*In a new interview with Harper’s Bazaar, Gabrielle Union revealed that she would love to have a sit down with white actresses Amy Schumer and Kate Upton who have recently made headlines with recent comments deemed racially insensitive.
The star of “Being Mary Jane” and “Almost Christmas” said she has already had a “productive conversation” with actress Lena Dunham of HBO’s “Girls” about the topic of “white girl privilege,” and would hope to do the same with Schumer and Upton to “help to explain the oppressive systems that have benefited and allowed them to say these careless, insensitive and offensive things.”
Union was referring to Upton’s attack of Colin Kaepernick for taking a knee during the national anthem in protest of racial injustice and police brutality. Upton said on Instagram: “Sitting or kneeling down during the national anthem is a disgrace to those people who have served and currently serve our country.”
Union was also addressing Schumer’s since-deleted tweet stating that black and Hispanic men catcall women more often than white men. Also, the 35-year-old comedian has since come under fire for her parody of Beyonce’s black empowerment anthem “Formation.”
Union did not elaborate on what led up to her talk with Dunham, but perhaps it was Dunham’s recent assumptions about why New York Giants wide receiver Odell Beckham Jr. didn’t give her the time of day while seated beside her at this year’s Met Gala.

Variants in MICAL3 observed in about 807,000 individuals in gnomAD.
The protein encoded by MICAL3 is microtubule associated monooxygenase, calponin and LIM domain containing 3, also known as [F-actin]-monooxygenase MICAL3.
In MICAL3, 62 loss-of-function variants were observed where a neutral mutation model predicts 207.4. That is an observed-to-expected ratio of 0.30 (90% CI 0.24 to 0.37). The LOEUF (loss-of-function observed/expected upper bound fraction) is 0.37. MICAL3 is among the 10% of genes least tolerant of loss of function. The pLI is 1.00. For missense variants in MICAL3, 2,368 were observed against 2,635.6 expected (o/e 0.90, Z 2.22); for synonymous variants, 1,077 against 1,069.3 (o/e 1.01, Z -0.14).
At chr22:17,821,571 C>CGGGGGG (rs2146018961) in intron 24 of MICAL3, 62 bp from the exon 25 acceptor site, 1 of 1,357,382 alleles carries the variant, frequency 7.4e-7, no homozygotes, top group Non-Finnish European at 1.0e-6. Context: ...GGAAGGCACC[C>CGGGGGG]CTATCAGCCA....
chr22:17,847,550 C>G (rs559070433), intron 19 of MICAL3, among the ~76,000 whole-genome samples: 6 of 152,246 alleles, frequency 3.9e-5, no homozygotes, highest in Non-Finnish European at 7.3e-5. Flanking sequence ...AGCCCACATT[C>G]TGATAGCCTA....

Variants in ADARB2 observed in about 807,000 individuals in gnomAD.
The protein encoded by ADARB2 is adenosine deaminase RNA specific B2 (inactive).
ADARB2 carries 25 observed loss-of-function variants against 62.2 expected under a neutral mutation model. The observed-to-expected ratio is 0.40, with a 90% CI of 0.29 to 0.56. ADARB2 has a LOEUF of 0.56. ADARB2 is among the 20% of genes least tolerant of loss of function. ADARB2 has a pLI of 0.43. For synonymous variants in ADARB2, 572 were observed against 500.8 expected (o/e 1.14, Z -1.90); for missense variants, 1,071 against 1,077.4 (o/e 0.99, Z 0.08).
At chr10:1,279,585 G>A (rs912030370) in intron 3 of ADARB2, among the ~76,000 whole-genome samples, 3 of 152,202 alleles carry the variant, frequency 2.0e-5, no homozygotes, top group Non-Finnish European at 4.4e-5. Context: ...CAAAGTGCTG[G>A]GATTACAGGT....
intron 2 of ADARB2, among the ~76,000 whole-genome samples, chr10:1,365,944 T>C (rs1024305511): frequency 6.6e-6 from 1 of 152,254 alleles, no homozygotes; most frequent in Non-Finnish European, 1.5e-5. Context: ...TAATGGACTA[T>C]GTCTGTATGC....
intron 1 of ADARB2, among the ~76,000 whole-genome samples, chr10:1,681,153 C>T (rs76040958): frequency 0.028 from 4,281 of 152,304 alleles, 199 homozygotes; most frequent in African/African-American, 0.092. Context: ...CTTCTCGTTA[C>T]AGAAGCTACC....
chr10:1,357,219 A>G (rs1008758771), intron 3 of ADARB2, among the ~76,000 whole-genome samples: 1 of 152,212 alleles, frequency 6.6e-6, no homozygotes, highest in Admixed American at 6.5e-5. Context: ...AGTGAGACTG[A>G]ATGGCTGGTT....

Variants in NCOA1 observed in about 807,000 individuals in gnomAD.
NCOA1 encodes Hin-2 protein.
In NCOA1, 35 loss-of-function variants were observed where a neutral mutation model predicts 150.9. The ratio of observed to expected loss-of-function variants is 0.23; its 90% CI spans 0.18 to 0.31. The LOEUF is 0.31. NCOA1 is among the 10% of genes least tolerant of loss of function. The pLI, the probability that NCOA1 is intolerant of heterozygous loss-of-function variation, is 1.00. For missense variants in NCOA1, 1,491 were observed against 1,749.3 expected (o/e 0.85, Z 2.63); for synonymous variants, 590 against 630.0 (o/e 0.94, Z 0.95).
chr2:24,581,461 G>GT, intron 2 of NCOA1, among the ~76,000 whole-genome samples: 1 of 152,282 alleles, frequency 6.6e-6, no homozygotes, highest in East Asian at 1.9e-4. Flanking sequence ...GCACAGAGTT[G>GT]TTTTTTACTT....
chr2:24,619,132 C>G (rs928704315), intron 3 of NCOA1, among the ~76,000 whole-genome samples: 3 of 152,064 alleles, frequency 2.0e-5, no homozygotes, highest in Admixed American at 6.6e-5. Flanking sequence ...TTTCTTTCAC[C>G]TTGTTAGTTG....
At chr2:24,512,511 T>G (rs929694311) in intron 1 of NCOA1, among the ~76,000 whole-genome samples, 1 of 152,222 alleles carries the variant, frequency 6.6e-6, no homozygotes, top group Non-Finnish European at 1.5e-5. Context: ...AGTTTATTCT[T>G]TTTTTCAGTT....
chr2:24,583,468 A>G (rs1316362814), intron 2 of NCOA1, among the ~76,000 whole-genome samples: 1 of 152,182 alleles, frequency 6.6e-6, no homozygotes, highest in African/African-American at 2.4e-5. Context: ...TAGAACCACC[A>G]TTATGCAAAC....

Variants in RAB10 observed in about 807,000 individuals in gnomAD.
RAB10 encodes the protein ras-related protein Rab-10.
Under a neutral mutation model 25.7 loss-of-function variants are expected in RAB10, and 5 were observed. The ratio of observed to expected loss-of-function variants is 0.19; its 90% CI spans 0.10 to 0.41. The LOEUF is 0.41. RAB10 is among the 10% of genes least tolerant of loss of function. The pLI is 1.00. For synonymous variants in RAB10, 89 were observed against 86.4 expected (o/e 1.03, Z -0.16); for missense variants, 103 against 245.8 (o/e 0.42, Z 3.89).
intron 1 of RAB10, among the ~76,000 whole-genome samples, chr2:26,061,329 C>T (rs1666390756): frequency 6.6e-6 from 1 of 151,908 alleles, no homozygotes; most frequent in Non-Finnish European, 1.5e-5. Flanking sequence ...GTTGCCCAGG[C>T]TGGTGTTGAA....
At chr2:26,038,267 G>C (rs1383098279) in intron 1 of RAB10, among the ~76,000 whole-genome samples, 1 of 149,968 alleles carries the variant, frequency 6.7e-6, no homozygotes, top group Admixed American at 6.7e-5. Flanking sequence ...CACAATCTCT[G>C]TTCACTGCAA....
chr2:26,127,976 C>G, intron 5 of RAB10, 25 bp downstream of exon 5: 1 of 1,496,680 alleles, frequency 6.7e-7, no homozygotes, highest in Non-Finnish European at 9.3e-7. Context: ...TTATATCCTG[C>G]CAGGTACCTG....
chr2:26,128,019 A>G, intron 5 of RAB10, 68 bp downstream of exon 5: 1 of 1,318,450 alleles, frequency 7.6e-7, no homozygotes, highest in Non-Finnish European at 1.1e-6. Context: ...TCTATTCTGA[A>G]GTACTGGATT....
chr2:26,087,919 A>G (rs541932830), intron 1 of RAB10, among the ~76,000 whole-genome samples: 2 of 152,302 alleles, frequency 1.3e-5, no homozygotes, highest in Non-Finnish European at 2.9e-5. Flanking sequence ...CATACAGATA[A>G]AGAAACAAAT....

“I was sitting next to Odell Beckham Jr., and it was so amazing because it was like he looked at me and he determined I was not the shape of a woman by his standards. He was like, ‘That’s a marshmallow. That’s a child. That’s a dog.’ It wasn’t mean — he just seemed confused,” Dunham told Schumer, who were interviewing each other for Dunham’s newsletter, Lenny Letter. “The vibe was very much like, ‘Do I want to f**k it? Is it wearing a … yep, it’s wearing a tuxedo. I’m going to go back to my cell phone.'”
Dunham’s assumptions were met with outrage, and she quickly apologized, saying she was unfairly projecting her own insecurities onto Beckham.
Overall, Union told Harper’s Bazaar that she is tired of the “bulls—” that comes along with being an African-American woman in Hollywood. “That sense of being hyper-visible or invisible on sets,” she explains.
“When do you stand up and point out every micro-aggression, and when do you stand down so you’re not the angry black person all the time? It’s tiring,” she adds. “It feels like another job that you’re not getting paid for — that is all-encompassing.”